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2013 went down as the driest year in California’s recorded history. A major reservoir outside of Sacramento has been reduced from 83 percent to 36 percent capacity in just over two years. In the Central Valley, 1,200 square miles of land is sinking at a rate of 11 inches a year from the drilling of groundwater. And the annual measure of the Sierra Nevada snowmelt done every April 1 indicates that the end isn’t in sight.
In this time of drought, we are often encouraged to reduce our water usage by taking fewer and shorter showers, and by not watering our lawns or washing our cars. But is that where we Californians use a majority of our water?
Surprisingly, upwards of 80 percent of our developed water supply (water designated for human use) goes toward agriculture. Some of it to grow useful crops like tomatoes, broccoli, potatoes…but most of it goes to alfalfa.
Why alfalfa? Because alfalfa is what we feed dairy cows and beef cattle. This crop drinks up more of our water than any other, and is used to sustain the 5.25 million cows that call California home. Alfalfa isn’t just used on factory farms and dairies, it’s also used as a filler on grass-fed, pastured cows.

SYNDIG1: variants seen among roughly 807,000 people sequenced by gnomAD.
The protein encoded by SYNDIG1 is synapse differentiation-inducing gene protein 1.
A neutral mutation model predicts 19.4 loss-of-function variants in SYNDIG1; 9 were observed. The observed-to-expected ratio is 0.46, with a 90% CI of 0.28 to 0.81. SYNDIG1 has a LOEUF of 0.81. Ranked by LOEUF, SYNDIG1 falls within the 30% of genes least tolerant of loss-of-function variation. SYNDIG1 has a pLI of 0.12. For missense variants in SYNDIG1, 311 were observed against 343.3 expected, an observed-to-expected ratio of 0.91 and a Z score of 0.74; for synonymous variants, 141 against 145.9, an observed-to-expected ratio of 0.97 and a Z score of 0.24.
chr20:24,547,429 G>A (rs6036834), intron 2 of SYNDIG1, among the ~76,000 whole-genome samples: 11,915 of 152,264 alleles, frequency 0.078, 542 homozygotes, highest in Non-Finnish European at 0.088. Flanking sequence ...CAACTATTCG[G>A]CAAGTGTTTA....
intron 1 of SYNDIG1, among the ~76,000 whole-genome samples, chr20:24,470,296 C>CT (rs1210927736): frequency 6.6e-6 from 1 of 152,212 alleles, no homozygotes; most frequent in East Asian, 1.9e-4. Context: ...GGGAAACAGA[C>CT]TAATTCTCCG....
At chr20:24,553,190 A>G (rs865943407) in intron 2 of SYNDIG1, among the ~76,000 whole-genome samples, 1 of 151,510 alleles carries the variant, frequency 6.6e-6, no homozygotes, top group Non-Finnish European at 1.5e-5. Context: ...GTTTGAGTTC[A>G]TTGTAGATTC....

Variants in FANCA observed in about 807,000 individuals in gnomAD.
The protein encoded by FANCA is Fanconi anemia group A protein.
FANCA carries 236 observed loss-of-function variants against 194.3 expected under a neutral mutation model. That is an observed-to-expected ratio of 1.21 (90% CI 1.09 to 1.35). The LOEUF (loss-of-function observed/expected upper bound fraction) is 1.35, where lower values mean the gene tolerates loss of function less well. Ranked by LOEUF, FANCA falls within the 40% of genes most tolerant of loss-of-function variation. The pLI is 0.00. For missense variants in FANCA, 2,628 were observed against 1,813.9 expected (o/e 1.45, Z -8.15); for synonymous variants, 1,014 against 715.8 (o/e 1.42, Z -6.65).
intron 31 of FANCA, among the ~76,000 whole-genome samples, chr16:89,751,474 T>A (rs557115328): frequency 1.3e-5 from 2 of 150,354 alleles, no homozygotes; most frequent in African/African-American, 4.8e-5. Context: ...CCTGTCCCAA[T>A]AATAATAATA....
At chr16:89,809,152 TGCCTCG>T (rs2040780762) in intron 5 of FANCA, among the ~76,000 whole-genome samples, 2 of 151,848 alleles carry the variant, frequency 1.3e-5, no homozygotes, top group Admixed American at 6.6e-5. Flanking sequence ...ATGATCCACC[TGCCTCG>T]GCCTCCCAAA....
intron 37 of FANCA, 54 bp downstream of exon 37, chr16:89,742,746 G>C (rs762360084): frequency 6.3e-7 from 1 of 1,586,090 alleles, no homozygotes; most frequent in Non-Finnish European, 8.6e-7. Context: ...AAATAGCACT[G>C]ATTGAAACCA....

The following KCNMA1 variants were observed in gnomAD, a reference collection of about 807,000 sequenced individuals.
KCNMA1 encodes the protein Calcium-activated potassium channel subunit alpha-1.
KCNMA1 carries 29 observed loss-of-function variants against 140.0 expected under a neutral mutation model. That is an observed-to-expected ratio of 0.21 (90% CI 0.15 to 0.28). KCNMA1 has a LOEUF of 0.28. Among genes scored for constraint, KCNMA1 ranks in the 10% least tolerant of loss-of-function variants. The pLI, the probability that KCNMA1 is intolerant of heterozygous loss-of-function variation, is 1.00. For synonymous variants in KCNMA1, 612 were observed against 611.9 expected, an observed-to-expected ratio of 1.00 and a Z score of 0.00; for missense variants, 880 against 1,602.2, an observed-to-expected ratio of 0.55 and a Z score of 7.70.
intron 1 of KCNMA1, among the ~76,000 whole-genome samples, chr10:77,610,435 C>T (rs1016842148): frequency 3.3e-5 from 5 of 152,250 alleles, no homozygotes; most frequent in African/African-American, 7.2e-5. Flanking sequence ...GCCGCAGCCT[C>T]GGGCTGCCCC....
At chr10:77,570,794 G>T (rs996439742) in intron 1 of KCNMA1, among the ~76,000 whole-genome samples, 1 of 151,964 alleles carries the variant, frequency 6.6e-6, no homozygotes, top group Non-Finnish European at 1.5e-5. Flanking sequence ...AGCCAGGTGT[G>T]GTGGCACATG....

So how much water do we use to produce a plant we don’t eat, to fatten cows for an environmentally destructive diet we don’t really need?
According to a study by Mekonnen and Hoekstra, it takes 1,700 gallons of water to produce 1 pound of beef, 660 gallons of water for one pound of pork, and 264 gallons of water for one pound of chicken. The University of California Alfalfa Workgroup states it takes 683 gallons of water to produce one gallon of milk.
This drought isn’t an issue unique to California. As climate change increases and our water sources dry up, we are seeing this play out all over the world. However, we have an easy fix at our fingertips. By reducing our meat intake by half, we reduce our water footprint by 30 percent. But why stop there? Switch to a plant-based diet and you’ll be reducing your water consumption by over 60 percent.
In the spirit of Earth Day, let’s look for new, innovative ways to sustain the planet and those we share it with — let’s cut the bull and eat a plant-based diet.
Lead image source: Lance Cheung
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